The following year was to be dramatic. It started with Elvis Presley’s song Heartbreak Hotel becoming number one in the American charts. A film of Bill Haley performing Rock Around the Clock was shown in British cinemas and there were disturbances in some. The Rock ‘n Roll revolution had begun. It is still with us. A new era in British theatrical drama began in May 1956 with the first performance of Look Back in Anger by John Osborne at the Royal Court Theatre in London. It began an era of realistic theatre collectively known as “kitchen-sink dramas” which featured “working class heroes”, ordinary men and women living ordinary lives. But 1956 is mainly remembered for the Suez crisis in which Britain and France conspired with Israel in an attempt to regain the Suez Canal nationalised by Egyptian leader Abdul Gamal Nasser in July. The British and French attack began at the end of October but was quickly called off following international and, in particular, US pressure. They withdrew, but the canal had been blocked. It was clear evidence that the US would henceforth be the principal power in the Middle East and not Britain and France. It was a disaster for Britain’s reputation and was the end of Eden’s political career. Sick and disillusioned, he resigned as prime minister in January 1957. He was succeeded by Harold Macmillan, the epitome of the type of progressive Conservative politician that had been thrown up by the experiences of two world wars and the great depression.

By contemporary standards, Macmillan would be regarded as left-wing Labour. Macmillan established a new populist style in a speech in March 1957 in which he said: “…most of our people have never had it so good.” The phrase is now used to define the whole 1950s.

The second drama was in Hungary, which had been a German ally during the Second World War. Following the end of the conflict, Hungary was a multi-party democracy but under effective Soviet occupation. Soviet pressure built up and Hungary fell under Communist control in 1949. After the death of Stalin in 1953 and Khrushchev’s secret speech to the CPSU in February 1956 which denounced the dictator, hopes flared in Eastern Europe that the Soviets would allow more political freedom. In June, a Polish workers’ rebellion in Poznan was violently repressed, but a genie had been released and the mood spread to Hungary. On 23 October, a students’ demonstration in Budapest was attacked. Fighting spread and developed into all-out rebellion. That night, the Communist government requested Soviet support. Despite the arrival of Soviet tanks, the uprising continued and Hungary’s Communist leaders fled the country. Hungarian militants battled Soviet tanks in the streets of Budapest. Fought to a standstill, the Soviets agreed a ceasefire on 28 October. A new Hungarian government headed by a Communist reformer Imre Nagy was formed. The peace lasted less than a week. On 1 November, Soviet forces were ordered back into Hungary to put down the rising and restore Moscow’s control. Soviet tanks reached Budapest on 4 November. Final pockets of resistance were crushed on 10 November. The Soviets imposed a loyal government headed by Janos Kadar. Nagy was executed for treason in 1958.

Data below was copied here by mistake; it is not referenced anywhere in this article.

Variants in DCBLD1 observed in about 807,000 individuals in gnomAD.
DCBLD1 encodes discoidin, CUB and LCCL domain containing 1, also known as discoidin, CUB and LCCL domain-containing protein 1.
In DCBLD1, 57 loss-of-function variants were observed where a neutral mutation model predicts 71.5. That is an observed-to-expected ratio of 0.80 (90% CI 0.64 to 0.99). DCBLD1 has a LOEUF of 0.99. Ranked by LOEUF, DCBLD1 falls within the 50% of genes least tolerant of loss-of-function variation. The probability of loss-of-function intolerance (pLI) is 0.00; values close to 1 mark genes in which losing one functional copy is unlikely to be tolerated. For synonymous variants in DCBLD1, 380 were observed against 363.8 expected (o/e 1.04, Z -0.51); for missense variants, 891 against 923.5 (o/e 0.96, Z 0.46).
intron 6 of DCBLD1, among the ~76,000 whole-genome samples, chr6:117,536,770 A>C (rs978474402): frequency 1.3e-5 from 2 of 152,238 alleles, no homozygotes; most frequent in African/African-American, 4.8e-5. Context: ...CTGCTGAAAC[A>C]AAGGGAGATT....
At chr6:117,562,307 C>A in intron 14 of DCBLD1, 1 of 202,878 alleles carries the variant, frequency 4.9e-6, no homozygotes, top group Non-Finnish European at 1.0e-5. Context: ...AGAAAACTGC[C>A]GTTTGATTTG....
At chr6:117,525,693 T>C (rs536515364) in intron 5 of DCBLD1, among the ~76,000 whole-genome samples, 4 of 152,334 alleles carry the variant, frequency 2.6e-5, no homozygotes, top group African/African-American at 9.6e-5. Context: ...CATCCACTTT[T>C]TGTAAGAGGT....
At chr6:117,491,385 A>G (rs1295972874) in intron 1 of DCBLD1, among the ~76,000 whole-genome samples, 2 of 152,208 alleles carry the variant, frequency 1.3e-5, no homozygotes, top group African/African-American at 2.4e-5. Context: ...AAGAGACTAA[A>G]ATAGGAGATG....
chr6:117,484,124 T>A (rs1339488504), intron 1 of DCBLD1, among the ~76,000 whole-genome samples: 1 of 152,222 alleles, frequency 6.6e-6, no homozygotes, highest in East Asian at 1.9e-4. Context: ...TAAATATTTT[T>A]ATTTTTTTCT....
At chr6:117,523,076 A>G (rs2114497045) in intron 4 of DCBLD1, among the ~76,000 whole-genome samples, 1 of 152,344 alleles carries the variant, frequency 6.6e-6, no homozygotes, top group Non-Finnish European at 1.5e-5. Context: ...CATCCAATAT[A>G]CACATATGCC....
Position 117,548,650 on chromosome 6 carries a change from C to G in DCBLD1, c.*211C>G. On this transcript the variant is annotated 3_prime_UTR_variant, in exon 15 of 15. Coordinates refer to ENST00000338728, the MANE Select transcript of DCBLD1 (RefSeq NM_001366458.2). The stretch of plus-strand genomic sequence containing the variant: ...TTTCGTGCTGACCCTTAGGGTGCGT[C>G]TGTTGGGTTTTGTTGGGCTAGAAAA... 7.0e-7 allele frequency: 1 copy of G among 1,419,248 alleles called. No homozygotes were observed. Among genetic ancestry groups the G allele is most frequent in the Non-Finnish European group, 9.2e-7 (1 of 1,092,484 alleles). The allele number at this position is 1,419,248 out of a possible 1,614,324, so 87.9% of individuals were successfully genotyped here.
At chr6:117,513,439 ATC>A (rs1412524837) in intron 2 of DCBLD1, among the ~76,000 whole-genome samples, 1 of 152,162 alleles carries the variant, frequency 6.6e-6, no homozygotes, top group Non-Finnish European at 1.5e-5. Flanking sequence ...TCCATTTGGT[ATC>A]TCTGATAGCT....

Ted’s reactions to the Suez crisis and the Hungarian rebellion were consistent. He believed the UK’s attack on Egypt was illegal and immoral. He also argued that the behaviour of Britain and France over Suez provided some of the pretext for the suppression of the Hungarian rebellion which Ted supported. Ted had no illusions about the Soviets. He had seen the Red Army on the border between Austria and Yugoslavia in May 1945 and did not like what he saw. Ted was a loyal Catholic and loathed the Communist’s repression of Christianity. But for many who believed the Soviet Union represented hope for the future, the crushing of the Hungarian rebellion was the end of a dream. Communist parties across the world lost members and many supporters who were to become firm anti-Communists. It was the final death of an era in Western politics. Practically no one now believed Communism was an alternative to the status quo in the UK and the West. There was another consequence. The US and the West made no attempt to support the Hungarian rebels. Their policy in Europe was clear. The aim was not to roll-back Communism but to contain and co-exist with it. It was a strategy that was to shape international affairs for more than 30 years.

The British economy continued growing and living standards improved. Pat and Ted and their family were also prospering in the way most families did in the mid-1950s. Like millions of others, the O’Sullivans sampled the pleasures of low-cost holiday camps created to serve ordinary people with an increasing amount of money in their pockets. In the 1980s, British holiday camps were parodied in the popular BBC television comedy Hi De Hi! It was an affectionate but patronising depiction of what was a distinctly British phenomenon in the 1950s. At the time, it gave many Britons a taste for more comfortable ways of enjoying their leisure time. The holiday camp was the forerunner of the foreign beach holidays most Britons now consider to be their right.